In 1983, McMillan helped form the Key Peninsula Lions Club. He ultimately received a diamond pin from Lions Clubs International for recruiting at least 75 new members.
“I think it was a combination of, he liked the camaraderie and because it was community-service related,” Lance said of his father’s attraction. “He was one of the people who came up with the idea of the local Lions Club doing the citizen of the year banquet.” Hugh won the award in 1984-85.
Family and friends remarked on McMillan’s gregarious personality and acceptance of everybody.
“He did not judge people on their monetary worth, their social standing, their education. None of that really mattered,” Lance said. “If you’re a person, he wanted to get to know you and become your friend. He would literally stop and chat with people in line at stores and invite them over for dinner, just out of the blue like that. It happened all the time.”
The McMillans hosted annual Fourth of July parties of more than 100 people where high-ranking politicians mingled with laborers.
“My dad didn’t care,” Lance said. “If they’re good people, he wanted to get to know them and befriend them. He really got along with everybody.”
And he loved to talk.
“We used to say do not talk to Hugh unless you’ve got a minimum of half an hour,” Lance said. “If you ask him what time it is, you’ll get a 15-minute lecture on the manufacture of cuckoo clocks, and when it’s done you’ll still have no idea of what time it is.”
Involved in everything
McMillan was a founding or early member of many other local organizations, including Key Peninsula Citizens Against Crime, Key Peninsula Community Services food bank, Communities in Schools of Peninsula, Peninsula Schools Education Foundation, Peninsula Emergency Preparedness Coalition and Hope Recovery Center.
“He had so many commitments to these committees and boards, you had to schedule family things a week in advance because there was no other way to get him to attend,” Lance said.
Hugh moved to an assisted living facility in 2020, but remained active. He attended Peninsula Metropolitan Parks District meetings in support of efforts to build a dedicated senior center until just before his death.
McMillan spurred Larry Seaquist to run for the state Legislature, where he served from 2007 to 2015. Having lived in the secret CIA world for a quarter century, Hugh reveled in being out in the community where he could continue to use his abilities to observe, read people and solve problems, Seaquist posited.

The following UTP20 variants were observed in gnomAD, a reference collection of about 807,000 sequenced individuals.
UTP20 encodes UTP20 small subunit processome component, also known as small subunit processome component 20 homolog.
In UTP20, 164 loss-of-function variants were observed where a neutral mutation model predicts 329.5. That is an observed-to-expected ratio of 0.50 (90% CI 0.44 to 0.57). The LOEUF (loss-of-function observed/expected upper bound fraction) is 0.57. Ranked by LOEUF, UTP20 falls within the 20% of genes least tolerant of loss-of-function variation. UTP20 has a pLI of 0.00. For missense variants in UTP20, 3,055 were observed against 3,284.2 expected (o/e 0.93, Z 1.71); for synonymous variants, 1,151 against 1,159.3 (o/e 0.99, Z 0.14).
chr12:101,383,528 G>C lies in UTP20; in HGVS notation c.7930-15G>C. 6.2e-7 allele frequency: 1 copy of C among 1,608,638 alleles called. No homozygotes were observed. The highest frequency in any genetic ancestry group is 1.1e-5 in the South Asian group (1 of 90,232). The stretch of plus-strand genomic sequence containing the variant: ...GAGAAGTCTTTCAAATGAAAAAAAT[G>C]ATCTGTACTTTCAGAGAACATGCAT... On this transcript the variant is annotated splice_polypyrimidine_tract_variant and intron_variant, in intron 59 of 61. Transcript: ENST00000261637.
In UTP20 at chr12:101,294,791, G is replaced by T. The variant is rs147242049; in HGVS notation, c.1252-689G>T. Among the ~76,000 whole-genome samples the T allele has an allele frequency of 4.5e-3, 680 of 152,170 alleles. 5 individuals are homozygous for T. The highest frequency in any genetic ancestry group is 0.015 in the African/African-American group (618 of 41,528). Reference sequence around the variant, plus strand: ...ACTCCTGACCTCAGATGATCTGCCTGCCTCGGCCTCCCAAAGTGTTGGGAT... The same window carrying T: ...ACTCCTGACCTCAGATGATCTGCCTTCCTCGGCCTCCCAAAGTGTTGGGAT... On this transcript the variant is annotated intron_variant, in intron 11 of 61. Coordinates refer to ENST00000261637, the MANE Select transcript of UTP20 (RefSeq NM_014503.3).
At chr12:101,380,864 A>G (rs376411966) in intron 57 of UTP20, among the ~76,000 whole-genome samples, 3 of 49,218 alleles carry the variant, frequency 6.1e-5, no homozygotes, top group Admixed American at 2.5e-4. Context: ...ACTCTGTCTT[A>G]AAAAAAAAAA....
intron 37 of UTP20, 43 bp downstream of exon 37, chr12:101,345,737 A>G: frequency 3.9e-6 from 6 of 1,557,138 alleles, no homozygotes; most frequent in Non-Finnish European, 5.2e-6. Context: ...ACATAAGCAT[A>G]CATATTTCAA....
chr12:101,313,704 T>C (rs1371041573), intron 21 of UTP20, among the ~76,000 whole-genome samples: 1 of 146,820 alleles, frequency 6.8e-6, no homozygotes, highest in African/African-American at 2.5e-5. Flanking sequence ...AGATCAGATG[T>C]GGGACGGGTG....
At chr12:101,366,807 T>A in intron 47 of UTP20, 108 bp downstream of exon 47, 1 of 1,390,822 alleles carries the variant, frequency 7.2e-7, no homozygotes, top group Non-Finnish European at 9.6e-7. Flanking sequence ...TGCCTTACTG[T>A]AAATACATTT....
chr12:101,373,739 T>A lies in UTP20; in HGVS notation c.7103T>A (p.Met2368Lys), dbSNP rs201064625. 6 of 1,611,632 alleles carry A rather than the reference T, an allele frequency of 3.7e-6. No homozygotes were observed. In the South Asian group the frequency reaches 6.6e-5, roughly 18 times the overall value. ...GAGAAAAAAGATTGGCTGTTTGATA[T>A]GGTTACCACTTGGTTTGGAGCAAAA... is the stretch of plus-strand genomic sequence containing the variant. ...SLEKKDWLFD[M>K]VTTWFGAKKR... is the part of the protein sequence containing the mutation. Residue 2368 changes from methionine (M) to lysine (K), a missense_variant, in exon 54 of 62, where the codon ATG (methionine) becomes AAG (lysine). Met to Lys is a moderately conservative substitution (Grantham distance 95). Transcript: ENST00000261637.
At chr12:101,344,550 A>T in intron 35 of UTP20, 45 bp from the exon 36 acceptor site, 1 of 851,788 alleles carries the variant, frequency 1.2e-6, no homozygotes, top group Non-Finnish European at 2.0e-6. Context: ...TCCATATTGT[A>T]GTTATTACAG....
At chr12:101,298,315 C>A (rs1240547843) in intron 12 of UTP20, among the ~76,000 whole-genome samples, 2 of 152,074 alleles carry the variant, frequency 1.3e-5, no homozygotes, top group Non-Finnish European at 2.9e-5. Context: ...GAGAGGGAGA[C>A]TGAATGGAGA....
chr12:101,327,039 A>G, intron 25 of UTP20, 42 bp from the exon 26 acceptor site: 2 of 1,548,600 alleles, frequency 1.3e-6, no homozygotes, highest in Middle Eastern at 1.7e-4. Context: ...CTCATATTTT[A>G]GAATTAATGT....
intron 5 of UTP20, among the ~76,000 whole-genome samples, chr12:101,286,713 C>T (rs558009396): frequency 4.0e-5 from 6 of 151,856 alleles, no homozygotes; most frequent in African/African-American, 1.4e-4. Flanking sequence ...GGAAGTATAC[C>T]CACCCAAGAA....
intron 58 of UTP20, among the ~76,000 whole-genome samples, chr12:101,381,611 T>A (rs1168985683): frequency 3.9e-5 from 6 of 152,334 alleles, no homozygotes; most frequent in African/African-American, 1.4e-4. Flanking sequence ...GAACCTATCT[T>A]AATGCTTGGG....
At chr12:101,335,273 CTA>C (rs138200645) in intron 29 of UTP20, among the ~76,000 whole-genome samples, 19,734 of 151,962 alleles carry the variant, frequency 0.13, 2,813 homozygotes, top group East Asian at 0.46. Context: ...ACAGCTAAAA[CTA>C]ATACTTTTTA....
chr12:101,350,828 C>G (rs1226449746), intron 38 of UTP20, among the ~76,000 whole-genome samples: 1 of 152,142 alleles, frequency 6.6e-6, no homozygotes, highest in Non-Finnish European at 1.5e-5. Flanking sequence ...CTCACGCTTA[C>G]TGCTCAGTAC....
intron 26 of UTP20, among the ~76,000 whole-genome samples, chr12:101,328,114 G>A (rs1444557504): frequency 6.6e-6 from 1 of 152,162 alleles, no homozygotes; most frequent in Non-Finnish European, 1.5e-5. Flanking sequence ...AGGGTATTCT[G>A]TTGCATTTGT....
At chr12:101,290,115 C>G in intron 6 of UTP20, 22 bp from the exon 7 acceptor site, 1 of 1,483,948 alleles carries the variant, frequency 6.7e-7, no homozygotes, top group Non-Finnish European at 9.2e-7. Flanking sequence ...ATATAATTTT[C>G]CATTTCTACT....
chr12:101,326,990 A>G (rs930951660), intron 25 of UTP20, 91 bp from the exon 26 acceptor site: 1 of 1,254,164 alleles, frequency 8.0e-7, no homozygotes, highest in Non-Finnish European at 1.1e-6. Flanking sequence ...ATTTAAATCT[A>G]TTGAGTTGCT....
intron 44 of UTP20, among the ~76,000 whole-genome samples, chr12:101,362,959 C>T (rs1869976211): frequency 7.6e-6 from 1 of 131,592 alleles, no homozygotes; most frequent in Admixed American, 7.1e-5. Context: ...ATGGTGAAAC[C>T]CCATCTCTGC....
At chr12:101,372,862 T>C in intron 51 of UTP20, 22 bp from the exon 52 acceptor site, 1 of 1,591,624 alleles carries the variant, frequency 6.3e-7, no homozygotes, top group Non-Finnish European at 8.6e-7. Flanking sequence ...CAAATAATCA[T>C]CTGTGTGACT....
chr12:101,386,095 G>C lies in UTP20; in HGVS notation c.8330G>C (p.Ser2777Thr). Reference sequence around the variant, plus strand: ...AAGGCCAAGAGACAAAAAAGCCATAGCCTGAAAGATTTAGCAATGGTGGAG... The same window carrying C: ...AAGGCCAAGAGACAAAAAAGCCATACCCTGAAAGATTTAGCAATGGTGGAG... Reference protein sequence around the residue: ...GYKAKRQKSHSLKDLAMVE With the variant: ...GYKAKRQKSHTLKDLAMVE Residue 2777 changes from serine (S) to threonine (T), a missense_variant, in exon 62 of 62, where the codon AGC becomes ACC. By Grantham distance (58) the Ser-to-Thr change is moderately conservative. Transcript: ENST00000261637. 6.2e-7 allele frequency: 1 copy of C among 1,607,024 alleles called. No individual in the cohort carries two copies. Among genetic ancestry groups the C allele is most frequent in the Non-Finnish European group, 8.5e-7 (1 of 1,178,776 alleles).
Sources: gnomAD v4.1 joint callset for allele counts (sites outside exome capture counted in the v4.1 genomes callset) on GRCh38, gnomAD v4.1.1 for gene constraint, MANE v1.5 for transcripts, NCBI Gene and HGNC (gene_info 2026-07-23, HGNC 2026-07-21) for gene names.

“It wasn’t staying busy as much as just in his genes,” Seaquist said. “And the other thing is he prompted that kind of civic energy in other people. They didn’t just watch Hugh do it. They all got involved in the project.”
McMillan’s efforts earned him many honors. The Pierce County Council proclaimed April 22, 2006, as Hugh McMillan Day. The Gig Harbor Chamber of Commerce named him citizen of the year in 2010. Gig Harbor Rotary North awarded him its Star Award in 2014. Peninsula School District annually presents a Hugh McMillan award to a community member who makes extraordinary contributions to the schools. Rep. Derek Kilmer recognized his 90th birthday in a speech on the floor of the U.S. House of Representatives, calling him the unofficial mayor of Key Peninsula.
An extraordinary life
After learning of McMillan’s death Friday, Kilmer said, “On the Mount Rushmore of amazing Americans, there ought to be a place for Hugh McMillan. Hugh lived an extraordinary life of service, and, in his later years, he dedicated himself to improving the lives of folks on the Key Peninsula and supporting the kids of the Peninsula School District.
“His newspaper column celebrated kids and brought hope for the future. He could always be found with his camera — on high alert to capture a photo that would bring smiles to the community.
“One of my more memorable days in politics involved standing with Hugh near the Purdy Spit on Election Day. I asked him two questions: “Tell me how you entered the CIA. And tell me how you met your wife, Janice.” Two hours later, Hugh stopped talking. And his stories were an utter delight.
“I’m sorry to learn that Hugh passed this morning. But I’m happy that he will be back with Janice.”
The McMillan family plans a celebration of life; details will be announced later.